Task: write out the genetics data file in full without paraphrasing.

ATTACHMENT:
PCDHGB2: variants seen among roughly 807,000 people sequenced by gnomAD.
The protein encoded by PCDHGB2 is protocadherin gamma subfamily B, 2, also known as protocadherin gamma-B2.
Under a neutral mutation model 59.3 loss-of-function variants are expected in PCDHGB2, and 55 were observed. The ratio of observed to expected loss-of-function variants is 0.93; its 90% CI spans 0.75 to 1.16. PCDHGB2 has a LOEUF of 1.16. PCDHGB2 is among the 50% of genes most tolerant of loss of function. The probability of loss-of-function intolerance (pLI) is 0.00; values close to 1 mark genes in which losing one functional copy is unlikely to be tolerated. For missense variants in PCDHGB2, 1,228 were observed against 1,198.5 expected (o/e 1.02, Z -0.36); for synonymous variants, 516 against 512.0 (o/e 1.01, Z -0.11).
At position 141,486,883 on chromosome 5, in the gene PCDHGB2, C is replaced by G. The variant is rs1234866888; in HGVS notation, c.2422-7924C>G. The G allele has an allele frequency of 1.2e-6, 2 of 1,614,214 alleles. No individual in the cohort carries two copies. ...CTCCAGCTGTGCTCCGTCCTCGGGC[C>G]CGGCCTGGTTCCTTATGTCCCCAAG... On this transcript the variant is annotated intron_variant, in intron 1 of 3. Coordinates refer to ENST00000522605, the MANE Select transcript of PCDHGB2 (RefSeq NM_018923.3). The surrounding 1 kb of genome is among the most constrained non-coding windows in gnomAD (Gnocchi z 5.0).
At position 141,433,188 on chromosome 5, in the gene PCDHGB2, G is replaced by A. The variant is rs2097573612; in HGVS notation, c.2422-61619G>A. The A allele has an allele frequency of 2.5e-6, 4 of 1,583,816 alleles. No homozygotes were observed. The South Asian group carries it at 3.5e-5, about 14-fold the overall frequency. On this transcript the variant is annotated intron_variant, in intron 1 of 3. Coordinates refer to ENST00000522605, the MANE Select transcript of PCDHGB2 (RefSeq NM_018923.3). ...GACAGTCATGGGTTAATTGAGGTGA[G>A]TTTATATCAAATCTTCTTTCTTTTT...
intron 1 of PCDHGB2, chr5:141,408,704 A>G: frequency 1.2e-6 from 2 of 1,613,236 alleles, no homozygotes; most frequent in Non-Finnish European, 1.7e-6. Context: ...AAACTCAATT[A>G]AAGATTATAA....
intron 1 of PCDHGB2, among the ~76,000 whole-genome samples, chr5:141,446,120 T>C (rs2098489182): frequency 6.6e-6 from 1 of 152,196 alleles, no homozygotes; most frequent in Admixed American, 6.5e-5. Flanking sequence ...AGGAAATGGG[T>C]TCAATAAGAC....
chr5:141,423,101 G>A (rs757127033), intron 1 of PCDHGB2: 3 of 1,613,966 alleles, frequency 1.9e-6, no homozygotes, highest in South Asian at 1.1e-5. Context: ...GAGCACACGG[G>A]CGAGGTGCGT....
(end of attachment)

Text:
PCDHGB2: variants seen among roughly 807,000 people sequenced by gnomAD.
The protein encoded by PCDHGB2 is protocadherin gamma subfamily B, 2, also known as protocadherin gamma-B2.
Under a neutral mutation model 59.3 loss-of-function variants are expected in PCDHGB2, and 55 were observed. The ratio of observed to expected loss-of-function variants is 0.93; its 90% CI spans 0.75 to 1.16. PCDHGB2 has a LOEUF of 1.16. PCDHGB2 is among the 50% of genes most tolerant of loss of function. The probability of loss-of-function intolerance (pLI) is 0.00; values close to 1 mark genes in which losing one functional copy is unlikely to be tolerated. For missense variants in PCDHGB2, 1,228 were observed against 1,198.5 expected (o/e 1.02, Z -0.36); for synonymous variants, 516 against 512.0 (o/e 1.01, Z -0.11).
At position 141,486,883 on chromosome 5, in the gene PCDHGB2, C is replaced by G. The variant is rs1234866888; in HGVS notation, c.2422-7924C>G. The G allele has an allele frequency of 1.2e-6, 2 of 1,614,214 alleles. No individual in the cohort carries two copies. ...CTCCAGCTGTGCTCCGTCCTCGGGC[C>G]CGGCCTGGTTCCTTATGTCCCCAAG... On this transcript the variant is annotated intron_variant, in intron 1 of 3. Coordinates refer to ENST00000522605, the MANE Select transcript of PCDHGB2 (RefSeq NM_018923.3). The surrounding 1 kb of genome is among the most constrained non-coding windows in gnomAD (Gnocchi z 5.0).
At position 141,433,188 on chromosome 5, in the gene PCDHGB2, G is replaced by A. The variant is rs2097573612; in HGVS notation, c.2422-61619G>A. The A allele has an allele frequency of 2.5e-6, 4 of 1,583,816 alleles. No homozygotes were observed. The South Asian group carries it at 3.5e-5, about 14-fold the overall frequency. On this transcript the variant is annotated intron_variant, in intron 1 of 3. Coordinates refer to ENST00000522605, the MANE Select transcript of PCDHGB2 (RefSeq NM_018923.3). ...GACAGTCATGGGTTAATTGAGGTGA[G>A]TTTATATCAAATCTTCTTTCTTTTT...
intron 1 of PCDHGB2, chr5:141,408,704 A>G: frequency 1.2e-6 from 2 of 1,613,236 alleles, no homozygotes; most frequent in Non-Finnish European, 1.7e-6. Context: ...AAACTCAATT[A>G]AAGATTATAA....
intron 1 of PCDHGB2, among the ~76,000 whole-genome samples, chr5:141,446,120 T>C (rs2098489182): frequency 6.6e-6 from 1 of 152,196 alleles, no homozygotes; most frequent in Admixed American, 6.5e-5. Flanking sequence ...AGGAAATGGG[T>C]TCAATAAGAC....
chr5:141,423,101 G>A (rs757127033), intron 1 of PCDHGB2: 3 of 1,613,966 alleles, frequency 1.9e-6, no homozygotes, highest in South Asian at 1.1e-5. Context: ...GAGCACACGG[G>A]CGAGGTGCGT....